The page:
Home grown sweet corn
Listen to the full show:
Mike shares tricks to find out if slugs are sneaking into your garden, a better understanding of plantain weed, what to do when your neighbors use chemicals near your garden, what conditions dogwood trees need to thrive, why vines should not grow on your trees, how to put your garden to bed for the winter, and how to get the best yield from your home grown corn.
Question of the Week:
I have a question about urea. I understand what it is in its natural form, and I understand its effect on plants. I have been struggling to grow sweet corn the last few years and I’m sure the problem is the low nitrogen content of my soil. I have been adding compost, manure and leaf mulch but I just can’t seem to get enough nitrogen to the corn. Iâ€™ve been thinking of also using urea, but am concerned that itâ€™s not as “organic” as suppliers would like you to believe; and I don’t want any chemicals in my garden. Is urea safe? If not, is there another source of nitrogen I can use?
— Dave in Carlisle, PA
Growing corn at home. Photo by Flickr user Michael Zimmer
Highlights from show for August 24, 2013:
Identifying slug damage
Jack from Huntingdon, Pennsylvania found something attacking his favorite wildflower, butterfly weed, Asclepias tuberosa, but has not caught the culprit. Though he did not find any sign of a specific insect or creature, something is definitely eating the leaves and buds of his favorite flower. After running a quick assessment, Mike suspects Jack’s plant is being attacked by slugs: “On the next night when it’s not going to rain, at like 6:00 in the evening, I want you to crack open a beer — you’re welcome to taste the beer, to make sure it’s nice and fresh and yeasty — and then go out to the plant that’s affected and fill up little margarine tubs, little half pint containers with the fresh beer as the sun is going down and check them in the morning. There might be something about this area where slugs are hiding in a nearby mulch pile or something and escaping your attention, and they only come out late at night. They tend to retract and get out of the way before people get up in the morning. But they can’t resist yeast and they will crawl into the little beer traps and be drowned by the alcohol. And then if it is slugs, there’s like a million slug cures on our website. That’s my best thought — if you can’t see caterpillars, what you’re describing sounds like slug damage.”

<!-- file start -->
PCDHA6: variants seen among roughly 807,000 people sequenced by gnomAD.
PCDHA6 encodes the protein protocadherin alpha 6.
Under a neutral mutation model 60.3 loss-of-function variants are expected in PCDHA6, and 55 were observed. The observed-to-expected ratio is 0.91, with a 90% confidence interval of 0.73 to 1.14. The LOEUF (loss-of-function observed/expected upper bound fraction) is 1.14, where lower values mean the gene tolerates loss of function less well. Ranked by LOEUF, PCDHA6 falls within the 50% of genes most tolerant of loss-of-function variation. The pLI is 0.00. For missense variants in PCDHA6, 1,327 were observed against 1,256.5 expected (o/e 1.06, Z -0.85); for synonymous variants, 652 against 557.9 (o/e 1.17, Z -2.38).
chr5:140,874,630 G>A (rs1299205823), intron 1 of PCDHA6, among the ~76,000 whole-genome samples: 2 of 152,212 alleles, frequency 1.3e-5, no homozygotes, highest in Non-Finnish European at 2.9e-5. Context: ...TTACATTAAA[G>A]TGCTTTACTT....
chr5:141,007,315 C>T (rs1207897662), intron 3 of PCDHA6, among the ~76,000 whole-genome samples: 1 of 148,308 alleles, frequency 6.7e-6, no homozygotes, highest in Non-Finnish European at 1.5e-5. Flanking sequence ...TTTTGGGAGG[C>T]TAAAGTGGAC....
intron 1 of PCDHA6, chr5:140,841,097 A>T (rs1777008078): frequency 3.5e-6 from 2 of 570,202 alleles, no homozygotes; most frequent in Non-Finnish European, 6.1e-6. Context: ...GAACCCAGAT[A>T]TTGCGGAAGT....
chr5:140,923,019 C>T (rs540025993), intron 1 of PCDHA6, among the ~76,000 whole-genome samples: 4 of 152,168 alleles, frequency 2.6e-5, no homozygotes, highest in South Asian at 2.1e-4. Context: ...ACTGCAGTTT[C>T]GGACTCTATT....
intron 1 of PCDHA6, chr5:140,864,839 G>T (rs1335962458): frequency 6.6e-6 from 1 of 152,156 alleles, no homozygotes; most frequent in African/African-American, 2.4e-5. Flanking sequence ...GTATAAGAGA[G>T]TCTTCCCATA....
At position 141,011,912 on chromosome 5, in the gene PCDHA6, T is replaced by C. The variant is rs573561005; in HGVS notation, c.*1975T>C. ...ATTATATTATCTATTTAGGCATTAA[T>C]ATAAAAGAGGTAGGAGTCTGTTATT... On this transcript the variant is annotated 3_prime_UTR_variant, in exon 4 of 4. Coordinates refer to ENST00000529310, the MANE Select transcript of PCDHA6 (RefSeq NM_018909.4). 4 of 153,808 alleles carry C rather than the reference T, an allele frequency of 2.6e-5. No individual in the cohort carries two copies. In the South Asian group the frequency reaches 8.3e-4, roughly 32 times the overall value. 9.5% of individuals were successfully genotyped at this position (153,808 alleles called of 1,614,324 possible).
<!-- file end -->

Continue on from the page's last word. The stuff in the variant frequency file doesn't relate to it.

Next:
“[Slugs] can’t resist yeast and they will crawl into the little beer traps and be drowned by the alcohol.”
Photo by Flickr user JupiterSSJ4
Understanding plantain weed
Elizabeth from Princeton, New Jersey called in to follow up with Mike about a previous conversation about plantain — plantain the weed (or Plantago major), not plantain the banana. Elizabeth explains that after some research, she found that the broad-leaf weed was cultivated in pre-Columbus Europe; and Native Americans called it “the white man’s footprint,” because it seemed to follow European settlers. Elizabeth shares with Mike and listeners that with this weed: “You can eat the leaves in salad, you can eat the stems either raw or cooked, and you could roast the seeds.”
Plantain weed, Plantago major. Photo credit: Wikipedia
What to do when your neighbors use chemicals near your garden
Ellie from Huntingdon Valley, Pennsylvania is concerned about her vegetable garden after realizing her neighbor sprayed a chemical herbicide on his own property nearby. She asks Mike whether or not vegetables from her garden are now safe to eat. After Mike learns that the herbicide killed her neighbors’ plants as intended, and her garden appears to not have suffered similar damage, he suspects her garden is safe. Mike is additionally relieved to hear that it rained soon after her neighbor had sprayed, explaining: “When there’s possible contamination like this, if it had not rained, I would have wanted you to get out there and really keep saturating the area. Water the area, spray it down every morning. I mean, it’s just basic common sense — you’re just diluting [the herbicide].” Mike warns though that Ellie got lucky this time and encourages her to have a conversation with her neighbor about using chemicals near her garden.
Dogwood trees need morning sun and afternoon shade